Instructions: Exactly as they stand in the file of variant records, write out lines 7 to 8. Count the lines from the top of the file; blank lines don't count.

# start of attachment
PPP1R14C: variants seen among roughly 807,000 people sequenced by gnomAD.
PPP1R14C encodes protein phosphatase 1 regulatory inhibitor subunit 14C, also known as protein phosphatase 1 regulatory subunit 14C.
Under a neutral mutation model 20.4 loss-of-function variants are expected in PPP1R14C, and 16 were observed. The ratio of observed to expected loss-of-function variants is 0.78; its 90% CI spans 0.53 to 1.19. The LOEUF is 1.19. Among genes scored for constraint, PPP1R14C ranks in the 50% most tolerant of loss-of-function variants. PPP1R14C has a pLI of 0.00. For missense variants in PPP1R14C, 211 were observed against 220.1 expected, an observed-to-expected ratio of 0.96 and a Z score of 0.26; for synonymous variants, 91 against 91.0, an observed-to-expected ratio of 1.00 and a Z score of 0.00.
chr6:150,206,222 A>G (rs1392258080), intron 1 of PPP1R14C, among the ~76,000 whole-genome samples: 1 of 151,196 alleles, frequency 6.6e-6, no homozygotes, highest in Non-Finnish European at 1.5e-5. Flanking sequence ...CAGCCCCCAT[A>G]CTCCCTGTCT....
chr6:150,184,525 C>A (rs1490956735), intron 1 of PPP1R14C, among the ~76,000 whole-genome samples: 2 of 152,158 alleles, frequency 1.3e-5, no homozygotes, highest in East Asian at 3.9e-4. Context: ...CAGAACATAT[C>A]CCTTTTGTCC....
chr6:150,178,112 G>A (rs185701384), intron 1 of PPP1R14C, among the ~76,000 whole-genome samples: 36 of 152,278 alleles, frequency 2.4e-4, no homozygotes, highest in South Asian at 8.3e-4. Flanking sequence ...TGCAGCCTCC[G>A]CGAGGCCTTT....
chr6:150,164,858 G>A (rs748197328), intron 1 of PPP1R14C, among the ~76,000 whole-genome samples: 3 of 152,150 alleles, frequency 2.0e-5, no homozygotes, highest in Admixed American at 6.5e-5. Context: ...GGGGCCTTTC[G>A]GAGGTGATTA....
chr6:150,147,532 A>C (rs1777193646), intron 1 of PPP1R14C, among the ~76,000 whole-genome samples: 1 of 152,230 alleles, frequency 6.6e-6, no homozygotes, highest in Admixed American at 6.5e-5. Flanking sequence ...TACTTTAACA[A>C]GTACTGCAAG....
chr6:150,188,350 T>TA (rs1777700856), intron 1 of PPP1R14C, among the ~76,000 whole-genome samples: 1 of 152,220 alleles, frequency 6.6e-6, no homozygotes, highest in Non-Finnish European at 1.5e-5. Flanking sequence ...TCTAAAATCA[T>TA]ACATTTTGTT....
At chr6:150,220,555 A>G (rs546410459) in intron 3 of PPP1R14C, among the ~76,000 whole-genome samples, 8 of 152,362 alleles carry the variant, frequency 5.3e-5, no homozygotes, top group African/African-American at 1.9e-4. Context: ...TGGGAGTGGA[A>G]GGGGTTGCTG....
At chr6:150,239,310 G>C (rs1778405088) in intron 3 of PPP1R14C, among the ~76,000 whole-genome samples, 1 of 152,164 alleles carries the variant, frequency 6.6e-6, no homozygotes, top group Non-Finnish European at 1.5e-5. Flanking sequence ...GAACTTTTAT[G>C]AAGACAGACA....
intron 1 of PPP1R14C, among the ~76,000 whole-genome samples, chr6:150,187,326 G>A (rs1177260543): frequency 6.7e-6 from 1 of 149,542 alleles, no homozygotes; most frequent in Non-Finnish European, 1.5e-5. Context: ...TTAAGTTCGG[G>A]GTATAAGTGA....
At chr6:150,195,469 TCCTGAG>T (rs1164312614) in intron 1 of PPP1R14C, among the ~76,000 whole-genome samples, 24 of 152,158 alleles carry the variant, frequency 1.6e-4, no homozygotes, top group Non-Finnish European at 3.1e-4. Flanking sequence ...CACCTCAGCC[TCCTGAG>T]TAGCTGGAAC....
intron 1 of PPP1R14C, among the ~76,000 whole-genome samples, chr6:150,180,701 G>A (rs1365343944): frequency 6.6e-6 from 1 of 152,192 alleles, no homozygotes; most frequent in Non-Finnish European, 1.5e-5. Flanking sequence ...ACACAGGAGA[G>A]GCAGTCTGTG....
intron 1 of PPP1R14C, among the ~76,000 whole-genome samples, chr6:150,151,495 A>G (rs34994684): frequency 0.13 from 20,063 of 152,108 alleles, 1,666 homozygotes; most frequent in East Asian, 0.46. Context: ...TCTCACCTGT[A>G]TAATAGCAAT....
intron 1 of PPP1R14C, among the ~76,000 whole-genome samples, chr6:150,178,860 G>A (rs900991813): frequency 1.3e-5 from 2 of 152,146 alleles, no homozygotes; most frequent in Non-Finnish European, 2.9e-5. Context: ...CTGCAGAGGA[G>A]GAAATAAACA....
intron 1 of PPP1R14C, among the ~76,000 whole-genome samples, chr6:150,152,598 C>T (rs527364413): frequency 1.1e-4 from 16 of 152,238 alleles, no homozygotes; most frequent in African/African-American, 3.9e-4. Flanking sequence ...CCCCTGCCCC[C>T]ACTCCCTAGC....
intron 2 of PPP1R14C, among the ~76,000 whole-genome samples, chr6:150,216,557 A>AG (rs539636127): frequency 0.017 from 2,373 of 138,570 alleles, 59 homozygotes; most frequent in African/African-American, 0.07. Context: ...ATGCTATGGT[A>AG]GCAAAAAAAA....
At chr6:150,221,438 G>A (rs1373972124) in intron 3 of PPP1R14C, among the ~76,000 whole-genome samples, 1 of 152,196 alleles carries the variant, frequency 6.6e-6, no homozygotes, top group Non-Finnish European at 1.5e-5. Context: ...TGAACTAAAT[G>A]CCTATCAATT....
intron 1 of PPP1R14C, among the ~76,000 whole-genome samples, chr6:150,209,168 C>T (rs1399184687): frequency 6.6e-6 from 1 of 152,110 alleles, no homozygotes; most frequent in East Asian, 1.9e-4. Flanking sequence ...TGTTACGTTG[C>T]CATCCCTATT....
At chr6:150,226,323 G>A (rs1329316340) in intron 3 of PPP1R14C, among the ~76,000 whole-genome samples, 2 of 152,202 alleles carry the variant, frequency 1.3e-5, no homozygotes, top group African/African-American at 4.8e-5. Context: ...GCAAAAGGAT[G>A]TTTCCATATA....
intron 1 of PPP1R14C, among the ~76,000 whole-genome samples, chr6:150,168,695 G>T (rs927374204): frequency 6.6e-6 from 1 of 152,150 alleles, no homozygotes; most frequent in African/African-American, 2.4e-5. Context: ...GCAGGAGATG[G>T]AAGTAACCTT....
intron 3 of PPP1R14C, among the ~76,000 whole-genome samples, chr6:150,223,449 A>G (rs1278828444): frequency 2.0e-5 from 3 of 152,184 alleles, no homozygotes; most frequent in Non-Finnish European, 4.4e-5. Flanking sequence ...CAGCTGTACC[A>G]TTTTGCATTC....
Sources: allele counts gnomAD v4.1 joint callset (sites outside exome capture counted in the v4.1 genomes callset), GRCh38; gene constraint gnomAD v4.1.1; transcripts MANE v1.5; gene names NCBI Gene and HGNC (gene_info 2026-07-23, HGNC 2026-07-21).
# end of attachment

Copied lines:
chr6:150,164,858 G>A (rs748197328), intron 1 of PPP1R14C, among the ~76,000 whole-genome samples: 3 of 152,150 alleles, frequency 2.0e-5, no homozygotes, highest in Admixed American at 6.5e-5. Context: ...GGGGCCTTTC[G>A]GAGGTGATTA....
chr6:150,147,532 A>C (rs1777193646), intron 1 of PPP1R14C, among the ~76,000 whole-genome samples: 1 of 152,230 alleles, frequency 6.6e-6, no homozygotes, highest in Admixed American at 6.5e-5. Flanking sequence ...TACTTTAACA[A>C]GTACTGCAAG....